What's Love Got to Do With It?
Warren Adler E-Sheet 55
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Finding Love: the Last Great Mystery
I have searched for an answer all my life. The
characters in my
short stories and
plays have contorted
themselves looking for the answer. Authors,
philosophers, psychologists, psychiatrists,
psychics and scientists from all disciplines
have beaten the bushes for the answer.
The question is:
Why does someone
fall in love with one person and not another?
It baffles everyone, including
authors like myself who have been exploring
this phenomenon in novels, short stories and
plays for five decades. Scientists have
theorized that it must have something to do
genes, our DNA, or our senses; something
deep in the
brain that gloms on to a compatible
something in another person.
Others theorize that it is the
life force, whatever that is, which motivates
us to find the perfect mate, one that will
provide the incandescent match of yin and
yang, keeping the human race in play.
Love is a tangled web of illogic, a human
puzzle with no resolution.
Of course, there are partial
truths to be found everywhere. People continue
to thirst for that condition known as "love."
The search itself has become an act of
desperation and a huge enterprise has sprung
up to exploit this totally baffling human
condition. Hell, people will do anything to
find love. The condition itself is the
ultimate high, the nearest thing to paradise
on earth. It is no wonder that the condition
is celebrated, acclaimed and exalted.
Indeed, not only is it the
ultimate high, it is also the ultimate
subject. Almost all of the great books deal
with love from the Bible upward and onward. No
great novel is without it. Few great plays are
without it. It is an overwhelming subject
matter because it is the ultimate mystery.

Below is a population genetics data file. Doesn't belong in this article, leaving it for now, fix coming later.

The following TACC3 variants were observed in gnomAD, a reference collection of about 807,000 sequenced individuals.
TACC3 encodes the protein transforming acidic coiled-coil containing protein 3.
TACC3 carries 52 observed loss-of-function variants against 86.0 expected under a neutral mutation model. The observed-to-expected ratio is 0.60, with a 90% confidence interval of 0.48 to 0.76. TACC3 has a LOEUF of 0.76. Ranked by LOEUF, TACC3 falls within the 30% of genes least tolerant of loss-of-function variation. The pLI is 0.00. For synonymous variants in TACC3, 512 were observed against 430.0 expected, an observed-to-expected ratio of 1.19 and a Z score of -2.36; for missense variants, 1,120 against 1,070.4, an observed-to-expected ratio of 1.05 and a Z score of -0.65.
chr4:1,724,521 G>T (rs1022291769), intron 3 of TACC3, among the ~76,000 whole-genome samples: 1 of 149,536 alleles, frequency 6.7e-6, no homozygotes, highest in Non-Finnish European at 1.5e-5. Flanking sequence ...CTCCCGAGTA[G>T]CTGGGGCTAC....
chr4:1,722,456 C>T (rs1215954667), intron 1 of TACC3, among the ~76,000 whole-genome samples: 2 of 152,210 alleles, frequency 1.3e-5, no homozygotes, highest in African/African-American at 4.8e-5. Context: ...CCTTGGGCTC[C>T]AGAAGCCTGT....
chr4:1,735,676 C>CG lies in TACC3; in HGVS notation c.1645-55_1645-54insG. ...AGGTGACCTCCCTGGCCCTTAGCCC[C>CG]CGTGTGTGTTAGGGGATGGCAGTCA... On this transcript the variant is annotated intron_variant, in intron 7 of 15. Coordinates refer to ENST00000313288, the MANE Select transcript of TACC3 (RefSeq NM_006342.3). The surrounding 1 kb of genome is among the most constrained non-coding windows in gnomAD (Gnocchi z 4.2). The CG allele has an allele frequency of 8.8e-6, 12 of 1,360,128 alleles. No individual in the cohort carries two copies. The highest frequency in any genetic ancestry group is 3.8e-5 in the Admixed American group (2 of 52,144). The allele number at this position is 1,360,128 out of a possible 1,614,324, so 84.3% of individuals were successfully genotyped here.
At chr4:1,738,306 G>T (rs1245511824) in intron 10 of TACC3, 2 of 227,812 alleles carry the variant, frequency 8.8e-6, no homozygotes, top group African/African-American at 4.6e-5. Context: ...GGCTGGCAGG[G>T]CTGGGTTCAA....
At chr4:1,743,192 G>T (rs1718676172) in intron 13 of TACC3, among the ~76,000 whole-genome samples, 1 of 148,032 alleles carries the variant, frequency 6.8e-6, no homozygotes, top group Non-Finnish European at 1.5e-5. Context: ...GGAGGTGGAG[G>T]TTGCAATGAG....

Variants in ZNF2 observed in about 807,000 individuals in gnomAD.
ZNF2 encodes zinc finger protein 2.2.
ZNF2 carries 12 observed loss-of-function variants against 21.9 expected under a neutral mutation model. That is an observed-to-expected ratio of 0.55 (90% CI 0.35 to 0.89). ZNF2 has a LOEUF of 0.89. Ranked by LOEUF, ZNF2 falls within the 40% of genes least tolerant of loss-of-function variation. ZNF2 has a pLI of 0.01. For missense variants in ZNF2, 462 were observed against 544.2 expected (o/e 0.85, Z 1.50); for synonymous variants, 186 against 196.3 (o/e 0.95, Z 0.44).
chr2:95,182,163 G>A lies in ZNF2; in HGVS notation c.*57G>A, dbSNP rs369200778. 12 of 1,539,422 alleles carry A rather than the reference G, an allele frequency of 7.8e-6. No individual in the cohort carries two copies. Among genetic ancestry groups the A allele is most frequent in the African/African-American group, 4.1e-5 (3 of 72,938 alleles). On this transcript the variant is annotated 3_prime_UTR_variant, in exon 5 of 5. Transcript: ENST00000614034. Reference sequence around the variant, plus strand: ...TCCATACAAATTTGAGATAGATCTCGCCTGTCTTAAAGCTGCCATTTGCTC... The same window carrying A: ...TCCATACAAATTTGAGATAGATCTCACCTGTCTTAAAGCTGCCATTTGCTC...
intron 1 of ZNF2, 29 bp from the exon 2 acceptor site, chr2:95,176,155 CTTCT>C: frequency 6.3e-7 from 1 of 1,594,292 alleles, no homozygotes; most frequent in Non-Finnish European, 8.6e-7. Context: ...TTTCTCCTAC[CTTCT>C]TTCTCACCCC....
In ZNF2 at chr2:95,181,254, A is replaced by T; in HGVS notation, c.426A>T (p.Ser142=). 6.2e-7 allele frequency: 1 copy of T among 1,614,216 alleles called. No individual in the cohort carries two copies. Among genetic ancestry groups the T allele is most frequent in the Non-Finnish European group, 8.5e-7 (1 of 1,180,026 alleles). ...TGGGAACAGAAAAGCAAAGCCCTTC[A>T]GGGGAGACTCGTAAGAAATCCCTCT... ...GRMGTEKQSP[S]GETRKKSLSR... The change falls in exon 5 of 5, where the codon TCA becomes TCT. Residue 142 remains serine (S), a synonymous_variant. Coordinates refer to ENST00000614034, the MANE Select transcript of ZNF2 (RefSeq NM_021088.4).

Love is the most ubiquitous subject in the
Tennysonís immortal lines in
Locksley Hall, "In the Spring a young
manís fancy lightly turns to thoughts of
love." In todayís gender conscious,
politically correct world, make that "young
woman" and the target of either gender. Never
mind. The condition, I have concluded, is not
Nor is it physical. Fat people
fall in love with thin people and vise versa.
Tall people fall in love with short people and
vise versa. Black people fall in love with
white people, as well as every racial shade in
between and vise versa. Dumb people fall in
love with smart people and vise versa. It is a
tangled web of illogic, a human puzzle with no
Love is the most ubiquitous subject in the
In my own personal explorations
into this mystery, in my real life, not my
fiction generating life, Iíve calculated that
I was conceived on the cusp of spring and born
on the cusp of winter. My wife on the other
hand was conceived in the height of summer and
born at the end of winter. It is doubtful that
a computer program would have matched us. Nor
can I find anything psychological, scientific
or otherwise to unravel the mystery of why we
fell in love and why we have been together as
husband and wife as long as memory serves,
meaning as forever as it gets. One wife, one
husband, one enduring lifetime, swanlike
matchmaking industry has spring up on the
internet, pulling out more dollars from
mate-seekers, make that love-seekers,
than pornography. This in itself is no odd
comparison since, in an obvious way, the two
enterprises are related. The idea behind this
matching phenomenon is that intelligent